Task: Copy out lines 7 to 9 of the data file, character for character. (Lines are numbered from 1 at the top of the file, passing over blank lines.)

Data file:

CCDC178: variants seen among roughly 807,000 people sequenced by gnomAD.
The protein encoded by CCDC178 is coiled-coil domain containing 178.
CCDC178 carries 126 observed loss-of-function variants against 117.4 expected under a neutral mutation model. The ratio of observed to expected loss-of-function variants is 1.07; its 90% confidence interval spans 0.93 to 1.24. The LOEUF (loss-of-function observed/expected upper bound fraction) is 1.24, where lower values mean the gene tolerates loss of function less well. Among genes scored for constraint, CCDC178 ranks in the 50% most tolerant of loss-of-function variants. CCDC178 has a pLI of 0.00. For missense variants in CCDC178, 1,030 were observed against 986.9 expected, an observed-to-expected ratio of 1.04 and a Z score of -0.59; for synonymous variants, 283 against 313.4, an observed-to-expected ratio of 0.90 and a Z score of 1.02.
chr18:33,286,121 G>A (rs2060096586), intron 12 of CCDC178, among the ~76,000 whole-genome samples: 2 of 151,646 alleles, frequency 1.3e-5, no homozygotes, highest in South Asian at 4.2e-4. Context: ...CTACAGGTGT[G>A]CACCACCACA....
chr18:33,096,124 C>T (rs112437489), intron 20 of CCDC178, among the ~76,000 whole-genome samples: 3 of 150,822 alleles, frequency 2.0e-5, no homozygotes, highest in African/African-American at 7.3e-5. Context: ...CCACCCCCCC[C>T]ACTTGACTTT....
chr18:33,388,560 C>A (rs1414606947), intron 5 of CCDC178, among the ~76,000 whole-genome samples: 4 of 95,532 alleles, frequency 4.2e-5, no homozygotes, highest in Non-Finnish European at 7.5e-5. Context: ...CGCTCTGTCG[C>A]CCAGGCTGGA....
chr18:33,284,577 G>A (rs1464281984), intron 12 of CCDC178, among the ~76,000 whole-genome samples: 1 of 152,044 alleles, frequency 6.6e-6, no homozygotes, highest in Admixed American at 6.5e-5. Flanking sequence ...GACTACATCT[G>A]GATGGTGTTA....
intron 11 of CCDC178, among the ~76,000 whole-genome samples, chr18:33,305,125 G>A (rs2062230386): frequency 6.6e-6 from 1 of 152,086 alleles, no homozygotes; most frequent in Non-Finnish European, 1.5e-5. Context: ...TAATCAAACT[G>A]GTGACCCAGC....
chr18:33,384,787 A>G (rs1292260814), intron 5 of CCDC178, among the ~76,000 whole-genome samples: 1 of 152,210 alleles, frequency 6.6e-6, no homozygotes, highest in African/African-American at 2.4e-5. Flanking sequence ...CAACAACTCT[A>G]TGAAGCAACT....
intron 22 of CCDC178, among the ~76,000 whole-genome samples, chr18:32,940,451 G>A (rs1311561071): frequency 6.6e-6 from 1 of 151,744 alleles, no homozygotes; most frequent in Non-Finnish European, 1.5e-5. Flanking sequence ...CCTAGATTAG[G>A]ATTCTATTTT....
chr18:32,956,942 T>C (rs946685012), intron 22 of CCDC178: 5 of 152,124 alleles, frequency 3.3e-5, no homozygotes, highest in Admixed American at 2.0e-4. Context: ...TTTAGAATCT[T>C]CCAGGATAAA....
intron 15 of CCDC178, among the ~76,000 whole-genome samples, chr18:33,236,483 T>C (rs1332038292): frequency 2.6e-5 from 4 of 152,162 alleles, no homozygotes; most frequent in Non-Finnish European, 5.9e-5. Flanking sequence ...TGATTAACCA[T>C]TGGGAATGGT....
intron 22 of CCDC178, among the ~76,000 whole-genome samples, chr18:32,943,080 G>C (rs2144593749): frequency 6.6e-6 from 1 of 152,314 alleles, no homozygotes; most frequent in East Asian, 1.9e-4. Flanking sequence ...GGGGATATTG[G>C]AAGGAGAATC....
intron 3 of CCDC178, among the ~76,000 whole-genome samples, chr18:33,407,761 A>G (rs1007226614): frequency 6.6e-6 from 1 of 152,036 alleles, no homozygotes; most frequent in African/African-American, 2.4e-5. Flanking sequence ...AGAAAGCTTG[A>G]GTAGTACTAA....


chr18:33,284,577 G>A (rs1464281984), intron 12 of CCDC178, among the ~76,000 whole-genome samples: 1 of 152,044 alleles, frequency 6.6e-6, no homozygotes, highest in Admixed American at 6.5e-5. Flanking sequence ...GACTACATCT[G>A]GATGGTGTTA....
intron 11 of CCDC178, among the ~76,000 whole-genome samples, chr18:33,305,125 G>A (rs2062230386): frequency 6.6e-6 from 1 of 152,086 alleles, no homozygotes; most frequent in Non-Finnish European, 1.5e-5. Context: ...TAATCAAACT[G>A]GTGACCCAGC....
chr18:33,384,787 A>G (rs1292260814), intron 5 of CCDC178, among the ~76,000 whole-genome samples: 1 of 152,210 alleles, frequency 6.6e-6, no homozygotes, highest in African/African-American at 2.4e-5. Flanking sequence ...CAACAACTCT[A>G]TGAAGCAACT....